Down to the wire: Byzantium Development Sprint (September Edition)

04 October 2011

Friday evening the Byzantium development team met once again at HacDC to determine where all of us are in the engineering and development process and figure out what we have to do before we can put the alpha release online and announce open testing. Ben the Pyrate has been hard at work setting up the infrastructure and is constructing an automated build environment for the Porteus project (whose distro we're basing Byzantium on), and which we can leverage to make it easier to compile Byzantium Linux into a bootable .iso image. Right now the installation process is entirely manual, which is fine for testing and debugging but unsuitable for more than that. I've been busy working on the web control panel which will make it easy as well as fast for someone booting a mesh node up to get everything configured and running without needing a lot of knowledge about Linux.

The tricky thing about mesh networking (with any protocol we've tested) lies in making sure that each node is set up properly. During testing we ran into such frustrations as forgetting to put the wireless interface into ad-hoc mode (D'oh!), the cell ID not matching the rest of those in the mesh, and configuring the initial states of routing tables on the nodes correctly. The development sprint on Friday and Saturday was dedicated to identifying these problems, developing solutions, documenting them for future reference and repeatability, and assigning people to development tasks. We were joined on Friday night by a number of new people who are interested in the project and offered various forms of support, which we accepted gratefully. We even gained a few developers.

Now, on to the nitty-gritty.

IP routing, like antenna theory, seems as if it'll drive you utterly batty until you lose a certain amount of sanity and then you either give up in disgust or you suddenly understand it in a flash of insight that forever affects your psyche. It seems safe to say that none of us have reached that level of inspiration yet but we have gotten enough of a grasp on it to document the process to get everything running. When setting up a node, you of course have to configure the wireless interface for a certain ESSID and channel, and then put an IP address on it. This isn't a big deal. However, what it does mean is that the wireless interface as it stands at that time can only be used for routing traffic; clients (like cellphones or other laptops) can't associate with it. To do this, you have to add an IP alias, which as far as we're concerned means adding a virtual wireless card to the node that the clients associate with. This is trivial, and all of the magick happens in the kernel with no further intervention. So, if the wi-fi interface wlan0 is given the IP address, the virtual wi-fi interface wlan0:1 is given the IP address and all of the clients of that node can be assigned IP addresses through with DHCP. The IP address is the address that the other mesh routers use for exchanging routing information with one another. The clients are also pushed a default route through which they can reach IP addresses that aren't found in (through IP address of the virtual wireless NIC We set all of this up with manual commands and at the end of it had a nice little four node mesh happily running packets from laptop to laptop.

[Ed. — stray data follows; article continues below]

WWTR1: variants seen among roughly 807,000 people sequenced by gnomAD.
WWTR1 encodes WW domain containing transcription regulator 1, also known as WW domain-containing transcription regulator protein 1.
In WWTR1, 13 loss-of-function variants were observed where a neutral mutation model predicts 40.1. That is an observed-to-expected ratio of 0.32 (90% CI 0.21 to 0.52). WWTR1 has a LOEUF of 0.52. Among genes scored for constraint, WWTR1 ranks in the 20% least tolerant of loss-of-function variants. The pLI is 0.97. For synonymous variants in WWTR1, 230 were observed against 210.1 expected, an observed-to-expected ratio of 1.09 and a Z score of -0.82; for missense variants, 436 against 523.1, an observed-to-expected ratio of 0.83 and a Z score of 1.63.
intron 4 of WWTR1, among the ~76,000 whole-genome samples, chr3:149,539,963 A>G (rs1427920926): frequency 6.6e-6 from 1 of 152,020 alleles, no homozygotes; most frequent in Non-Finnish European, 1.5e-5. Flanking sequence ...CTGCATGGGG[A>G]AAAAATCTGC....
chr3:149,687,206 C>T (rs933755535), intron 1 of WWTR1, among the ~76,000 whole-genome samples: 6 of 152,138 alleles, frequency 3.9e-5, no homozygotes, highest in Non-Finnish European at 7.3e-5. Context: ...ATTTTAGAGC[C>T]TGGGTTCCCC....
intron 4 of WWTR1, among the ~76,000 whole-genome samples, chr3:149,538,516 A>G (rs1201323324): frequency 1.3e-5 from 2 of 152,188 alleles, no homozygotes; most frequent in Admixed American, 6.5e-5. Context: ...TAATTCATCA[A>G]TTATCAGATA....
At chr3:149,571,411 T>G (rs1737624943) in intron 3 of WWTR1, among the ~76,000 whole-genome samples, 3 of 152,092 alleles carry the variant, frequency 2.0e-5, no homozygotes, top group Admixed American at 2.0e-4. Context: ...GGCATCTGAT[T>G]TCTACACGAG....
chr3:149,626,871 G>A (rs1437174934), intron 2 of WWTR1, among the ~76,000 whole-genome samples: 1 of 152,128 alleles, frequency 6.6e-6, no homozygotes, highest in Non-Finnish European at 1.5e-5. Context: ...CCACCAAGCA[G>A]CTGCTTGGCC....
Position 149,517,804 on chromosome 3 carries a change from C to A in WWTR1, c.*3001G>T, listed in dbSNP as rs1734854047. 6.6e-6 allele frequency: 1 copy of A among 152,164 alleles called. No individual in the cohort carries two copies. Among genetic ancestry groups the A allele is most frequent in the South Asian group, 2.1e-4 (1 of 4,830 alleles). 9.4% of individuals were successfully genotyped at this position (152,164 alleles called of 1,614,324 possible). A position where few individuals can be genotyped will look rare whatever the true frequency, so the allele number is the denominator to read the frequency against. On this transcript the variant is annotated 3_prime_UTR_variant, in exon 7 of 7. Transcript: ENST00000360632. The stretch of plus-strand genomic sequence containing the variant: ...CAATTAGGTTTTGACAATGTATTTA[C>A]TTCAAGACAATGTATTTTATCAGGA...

During that process I ran into some problems getting Windbringer into the mesh as a router using my everyday install of Arch Linux running kernel v3.0. Starting up tcpdump showed that the interface was sending ARP and routing update traffic from babeld but wasn't receiving anything. I'm not sure what was going on but the Intel 3945 wireless card wasn't joining the same cell as the rest of the laptops in the room because it couldn't pick any of them up. I could add some code to the network configuration software to force all Byzantium nodes onto the same cell ID but there are potential problems in so doing in the activist sphere because once the cell ID of a Byzantium mesh got out it would be trivial for a hostile party to detect the presence of a mesh by sniffing for that particular cell ID and then use that to assist in direction finding. I'm fairly certain the driver is to blame because I booted one of our Byzantium Linux USB keys (running kernel v2.6.38) and had no trouble joining Windbringer as either a node or a client. I have yet to test Windbringer's normal operating environment as a client only.

After all of the swearing and head scratching was over, Ben and I tore the mesh down and built it again, this time documenting every command on paper. He then set up a mesh-to-Internet gateway using a cellular card from Sprint and IPtables and our clients were able to access the global Net over the mesh network at HacDC. From the notes we took I've got enough information to rewrite the network configuration code so that you can either bootstrap a mesh or join an existing one in just a few minutes (counting the incredibly short boot time). I started rewriting the relevant portions of code but haven't checked it into our Git repository yet because it's not done, let alone debugged. Keep an eye on the commit messages Github sends to the mailing list and you'll know when it's ready.

Towards ContactCon!